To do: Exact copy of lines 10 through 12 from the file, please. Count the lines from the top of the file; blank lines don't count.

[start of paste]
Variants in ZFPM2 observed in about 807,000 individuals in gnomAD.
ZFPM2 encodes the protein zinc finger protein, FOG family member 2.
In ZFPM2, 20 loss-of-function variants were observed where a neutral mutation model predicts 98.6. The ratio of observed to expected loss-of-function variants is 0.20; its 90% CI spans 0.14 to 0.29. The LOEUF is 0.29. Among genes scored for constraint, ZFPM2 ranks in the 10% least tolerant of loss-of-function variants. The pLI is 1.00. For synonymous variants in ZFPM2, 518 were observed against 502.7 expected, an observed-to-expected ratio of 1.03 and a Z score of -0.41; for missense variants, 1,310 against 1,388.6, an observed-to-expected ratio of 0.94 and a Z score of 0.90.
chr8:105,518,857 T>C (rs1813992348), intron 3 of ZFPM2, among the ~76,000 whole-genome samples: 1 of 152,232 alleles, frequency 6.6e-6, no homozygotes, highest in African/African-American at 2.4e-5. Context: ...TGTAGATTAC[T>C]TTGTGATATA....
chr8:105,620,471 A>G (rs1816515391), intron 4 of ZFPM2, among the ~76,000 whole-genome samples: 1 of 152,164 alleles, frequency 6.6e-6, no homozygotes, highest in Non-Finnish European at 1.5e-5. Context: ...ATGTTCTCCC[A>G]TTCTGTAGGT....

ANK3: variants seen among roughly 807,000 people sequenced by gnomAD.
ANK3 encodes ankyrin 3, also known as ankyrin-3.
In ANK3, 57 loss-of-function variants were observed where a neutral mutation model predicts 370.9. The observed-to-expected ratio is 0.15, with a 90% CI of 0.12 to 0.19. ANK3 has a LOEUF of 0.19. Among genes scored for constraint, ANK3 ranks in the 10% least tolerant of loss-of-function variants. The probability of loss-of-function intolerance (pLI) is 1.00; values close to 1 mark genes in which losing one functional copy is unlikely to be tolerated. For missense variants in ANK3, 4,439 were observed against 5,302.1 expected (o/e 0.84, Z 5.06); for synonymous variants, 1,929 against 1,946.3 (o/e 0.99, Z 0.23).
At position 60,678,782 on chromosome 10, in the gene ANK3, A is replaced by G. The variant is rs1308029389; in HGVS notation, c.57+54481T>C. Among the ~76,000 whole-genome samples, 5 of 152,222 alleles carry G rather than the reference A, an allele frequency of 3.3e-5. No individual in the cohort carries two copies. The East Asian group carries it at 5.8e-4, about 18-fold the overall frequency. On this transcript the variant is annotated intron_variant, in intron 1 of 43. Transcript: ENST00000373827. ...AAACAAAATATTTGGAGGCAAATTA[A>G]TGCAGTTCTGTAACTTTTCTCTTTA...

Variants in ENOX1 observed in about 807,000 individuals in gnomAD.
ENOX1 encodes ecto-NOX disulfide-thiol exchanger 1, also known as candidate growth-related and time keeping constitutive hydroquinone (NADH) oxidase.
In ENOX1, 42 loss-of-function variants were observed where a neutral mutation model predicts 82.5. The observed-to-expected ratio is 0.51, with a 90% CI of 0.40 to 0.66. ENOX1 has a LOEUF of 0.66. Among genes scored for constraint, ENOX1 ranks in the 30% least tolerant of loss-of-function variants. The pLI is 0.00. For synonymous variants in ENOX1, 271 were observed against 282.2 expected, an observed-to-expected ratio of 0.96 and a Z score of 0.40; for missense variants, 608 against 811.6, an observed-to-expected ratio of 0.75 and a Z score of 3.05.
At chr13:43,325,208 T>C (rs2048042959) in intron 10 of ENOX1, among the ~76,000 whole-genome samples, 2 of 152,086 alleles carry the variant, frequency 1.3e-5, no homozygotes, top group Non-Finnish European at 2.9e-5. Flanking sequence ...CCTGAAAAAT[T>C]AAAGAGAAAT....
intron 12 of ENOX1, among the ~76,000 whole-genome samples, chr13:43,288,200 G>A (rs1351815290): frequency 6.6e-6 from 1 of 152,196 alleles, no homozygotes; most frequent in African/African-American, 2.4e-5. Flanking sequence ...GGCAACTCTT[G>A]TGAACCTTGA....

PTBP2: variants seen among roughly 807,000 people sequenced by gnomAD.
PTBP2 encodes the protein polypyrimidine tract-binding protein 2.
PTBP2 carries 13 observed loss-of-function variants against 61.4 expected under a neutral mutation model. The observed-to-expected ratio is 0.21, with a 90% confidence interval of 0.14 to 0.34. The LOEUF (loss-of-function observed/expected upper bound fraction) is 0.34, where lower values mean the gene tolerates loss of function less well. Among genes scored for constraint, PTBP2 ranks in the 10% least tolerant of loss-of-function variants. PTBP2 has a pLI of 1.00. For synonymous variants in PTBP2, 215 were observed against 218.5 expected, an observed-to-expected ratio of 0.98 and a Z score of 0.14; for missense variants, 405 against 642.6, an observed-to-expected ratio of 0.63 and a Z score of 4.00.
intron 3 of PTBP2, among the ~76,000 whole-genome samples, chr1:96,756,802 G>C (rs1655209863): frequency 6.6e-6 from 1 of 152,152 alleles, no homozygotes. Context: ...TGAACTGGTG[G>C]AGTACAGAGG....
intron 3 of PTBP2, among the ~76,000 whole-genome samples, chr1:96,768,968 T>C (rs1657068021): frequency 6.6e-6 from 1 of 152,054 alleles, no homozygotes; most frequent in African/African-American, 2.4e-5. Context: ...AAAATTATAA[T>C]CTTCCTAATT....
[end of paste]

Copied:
Variants in ENOX1 observed in about 807,000 individuals in gnomAD.
ENOX1 encodes ecto-NOX disulfide-thiol exchanger 1, also known as candidate growth-related and time keeping constitutive hydroquinone (NADH) oxidase.
In ENOX1, 42 loss-of-function variants were observed where a neutral mutation model predicts 82.5. The observed-to-expected ratio is 0.51, with a 90% CI of 0.40 to 0.66. ENOX1 has a LOEUF of 0.66. Among genes scored for constraint, ENOX1 ranks in the 30% least tolerant of loss-of-function variants. The pLI is 0.00. For synonymous variants in ENOX1, 271 were observed against 282.2 expected, an observed-to-expected ratio of 0.96 and a Z score of 0.40; for missense variants, 608 against 811.6, an observed-to-expected ratio of 0.75 and a Z score of 3.05.